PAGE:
See Beautiful Fairy Tale Illustrations In A Free Pop-Up Exhibition

By Londonist Last edited 34 months ago
See Beautiful Fairy Tale Illustrations In A Free Pop-Up Exhibition
Illustration by Grahame Baker-Smith, from The Selfish Giant and Other Stories by Oscar Wilde. Baker-Smith says: "I had read Richard Ellmann’s biography of Oscar Wilde and was hugely inspired and moved by the poignancy and poetry of Wilde’s soul. Ellmann’s book is, in itself, a remarkable piece of literature, and really brought the kindness and humanity of its subject to vivid life. The illustrations themselves were a joy to do. In my imagination I created them as if Wilde were alive and would be looking at them, correcting proofs and commenting, so I tried to do something that Wilde would (hopefully) approve of. I also thought it might be fun to put Wilde himself into a couple of the illustrations. For me the story of The Happy Prince is Wilde’s portrait of his own character."
Illustration by Grahame Baker-Smith, from The Selfish Giant and Other Stories by Oscar Wilde. Baker-Smith says: "I had read Richard Ellmann’s biography of Oscar Wilde and was hugely inspired and moved by the poignancy and poetry of Wilde’s soul. Ellmann’s book is, in itself, a remarkable piece of literature, and really brought the kindness and humanity of its subject to vivid life. The illustrations themselves were a joy to do. In my imagination I created them as if Wilde were alive and would be looking at them, correcting proofs and commenting, so I tried to do something that Wilde would (hopefully) approve of. I also thought it might be fun to put Wilde himself into a couple of the illustrations. For me the story of The Happy Prince is Wilde’s portrait of his own character."
Illustration by Igor Karash, from The Bloody Chamber and Other Stories by Angela Carter. Karash says: "The mystical wintery environment of The Company of Wolves set the tone and mood for my series of illustrations. In each image I created an environment that simultaneously shows past events, the present moment, and subtly hints at what is to come. My intention was to actively use the visual language associated with fairy tales to mimic the way Carter based her stories on existing texts, but shifted the style and added rigidness, severe emotion and eroticism. Thus, the illustrations and binding have a deceptive nature; at first glance they look more like children's illustrations, but become darker and more grotesque upon closer examination."
Illustration by Igor Karash, from The Bloody Chamber and Other Stories by Angela Carter. Karash says: "The mystical wintery environment of The Company of Wolves set the tone and mood for my series of illustrations. In each image I created an environment that simultaneously shows past events, the present moment, and subtly hints at what is to come. My intention was to actively use the visual language associated with fairy tales to mimic the way Carter based her stories on existing texts, but shifted the style and added rigidness, severe emotion and eroticism. Thus, the illustrations and binding have a deceptive nature; at first glance they look more like children's illustrations, but become darker and more grotesque upon closer examination."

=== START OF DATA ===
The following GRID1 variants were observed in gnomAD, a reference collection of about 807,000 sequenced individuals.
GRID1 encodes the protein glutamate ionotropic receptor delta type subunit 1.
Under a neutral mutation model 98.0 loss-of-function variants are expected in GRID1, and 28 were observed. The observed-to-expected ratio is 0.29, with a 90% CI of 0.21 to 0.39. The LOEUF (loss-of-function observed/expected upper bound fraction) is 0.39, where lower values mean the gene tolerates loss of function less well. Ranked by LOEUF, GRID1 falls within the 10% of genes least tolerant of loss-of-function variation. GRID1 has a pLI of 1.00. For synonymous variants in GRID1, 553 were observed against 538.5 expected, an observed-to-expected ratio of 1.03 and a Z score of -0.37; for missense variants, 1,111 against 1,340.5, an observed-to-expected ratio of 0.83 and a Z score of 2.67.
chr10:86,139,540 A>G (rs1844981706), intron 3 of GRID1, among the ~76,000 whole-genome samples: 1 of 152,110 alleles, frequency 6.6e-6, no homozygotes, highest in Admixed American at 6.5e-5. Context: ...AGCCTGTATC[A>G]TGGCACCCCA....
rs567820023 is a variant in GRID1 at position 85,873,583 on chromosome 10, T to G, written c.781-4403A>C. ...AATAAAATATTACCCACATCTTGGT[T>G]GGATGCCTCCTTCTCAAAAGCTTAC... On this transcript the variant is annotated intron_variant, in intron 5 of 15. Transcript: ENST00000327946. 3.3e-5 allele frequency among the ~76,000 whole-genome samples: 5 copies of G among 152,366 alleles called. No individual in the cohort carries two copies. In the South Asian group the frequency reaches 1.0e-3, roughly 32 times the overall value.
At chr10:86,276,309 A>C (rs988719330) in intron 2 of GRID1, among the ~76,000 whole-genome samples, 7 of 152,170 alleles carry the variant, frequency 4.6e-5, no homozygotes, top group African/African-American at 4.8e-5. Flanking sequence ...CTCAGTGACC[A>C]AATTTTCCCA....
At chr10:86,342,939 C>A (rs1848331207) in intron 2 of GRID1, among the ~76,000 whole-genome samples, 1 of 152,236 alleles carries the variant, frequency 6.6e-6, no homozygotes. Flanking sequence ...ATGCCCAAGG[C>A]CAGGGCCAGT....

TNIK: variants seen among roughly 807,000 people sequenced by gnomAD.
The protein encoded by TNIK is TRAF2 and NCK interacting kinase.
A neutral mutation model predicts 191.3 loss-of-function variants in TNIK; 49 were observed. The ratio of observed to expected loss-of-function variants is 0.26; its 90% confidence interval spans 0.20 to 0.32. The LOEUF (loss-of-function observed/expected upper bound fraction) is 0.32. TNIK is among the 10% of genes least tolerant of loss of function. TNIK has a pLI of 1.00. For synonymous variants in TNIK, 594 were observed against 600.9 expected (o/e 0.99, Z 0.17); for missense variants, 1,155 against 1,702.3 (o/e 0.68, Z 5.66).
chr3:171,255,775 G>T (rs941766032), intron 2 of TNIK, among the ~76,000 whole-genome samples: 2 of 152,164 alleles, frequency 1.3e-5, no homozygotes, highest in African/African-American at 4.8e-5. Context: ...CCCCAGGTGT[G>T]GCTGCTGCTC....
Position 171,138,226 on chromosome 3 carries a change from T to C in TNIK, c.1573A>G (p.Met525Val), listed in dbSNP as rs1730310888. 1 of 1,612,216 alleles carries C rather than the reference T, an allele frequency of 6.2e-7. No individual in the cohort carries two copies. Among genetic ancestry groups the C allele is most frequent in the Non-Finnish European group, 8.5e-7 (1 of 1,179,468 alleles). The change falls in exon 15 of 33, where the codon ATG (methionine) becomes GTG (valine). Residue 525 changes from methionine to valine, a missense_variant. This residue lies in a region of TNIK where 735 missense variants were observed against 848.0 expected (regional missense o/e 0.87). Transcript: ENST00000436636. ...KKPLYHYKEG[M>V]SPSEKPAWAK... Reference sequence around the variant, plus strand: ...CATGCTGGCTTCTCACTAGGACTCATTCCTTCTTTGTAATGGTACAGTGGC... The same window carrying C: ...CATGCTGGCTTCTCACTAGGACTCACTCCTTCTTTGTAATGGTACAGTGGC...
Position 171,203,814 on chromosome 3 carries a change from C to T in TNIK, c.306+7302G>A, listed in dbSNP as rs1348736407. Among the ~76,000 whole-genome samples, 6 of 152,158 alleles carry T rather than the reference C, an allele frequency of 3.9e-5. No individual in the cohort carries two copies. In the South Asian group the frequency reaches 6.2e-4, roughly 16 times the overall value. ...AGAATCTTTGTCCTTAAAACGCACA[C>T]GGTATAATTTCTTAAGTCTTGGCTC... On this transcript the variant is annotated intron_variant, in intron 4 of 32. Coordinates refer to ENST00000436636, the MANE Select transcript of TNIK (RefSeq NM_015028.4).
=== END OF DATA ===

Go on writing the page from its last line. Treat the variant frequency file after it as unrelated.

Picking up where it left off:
Illustration by Victo Ngai, from Chinese Fairy Tales & Fantasies. Ngai says: "I have always been drawn to mythologies and fantasies; stories that explore worlds that extend beyond the realities we perceive and allow the impossible to be possible. I love illustration for the same reason; there’s nothing more satisfying than being able to entice viewers into a world built with my own logic and convince them of its authenticity."
Illustration by Victo Ngai, from Chinese Fairy Tales & Fantasies. Ngai says: "I have always been drawn to mythologies and fantasies; stories that explore worlds that extend beyond the realities we perceive and allow the impossible to be possible. I love illustration for the same reason; there’s nothing more satisfying than being able to entice viewers into a world built with my own logic and convince them of its authenticity."
Illustration by Caroline Smith, from Folktales of the Native American by Dee Brown. Smith says: "Folktales of the Native American represents our collective past; these stories speak to our emotional and spiritual relationship with animals, nature and the environment, and they also have symbolic meanings that still resonate today. I have a deep fascination with symbolism and its connection with artists from early cultures. Notions of ceremonial magic, ritual, dance and dream are always present in my work."
Illustration by Caroline Smith, from Folktales of the Native American by Dee Brown. Smith says: "Folktales of the Native American represents our collective past; these stories speak to our emotional and spiritual relationship with animals, nature and the environment, and they also have symbolic meanings that still resonate today. I have a deep fascination with symbolism and its connection with artists from early cultures. Notions of ceremonial magic, ritual, dance and dream are always present in my work."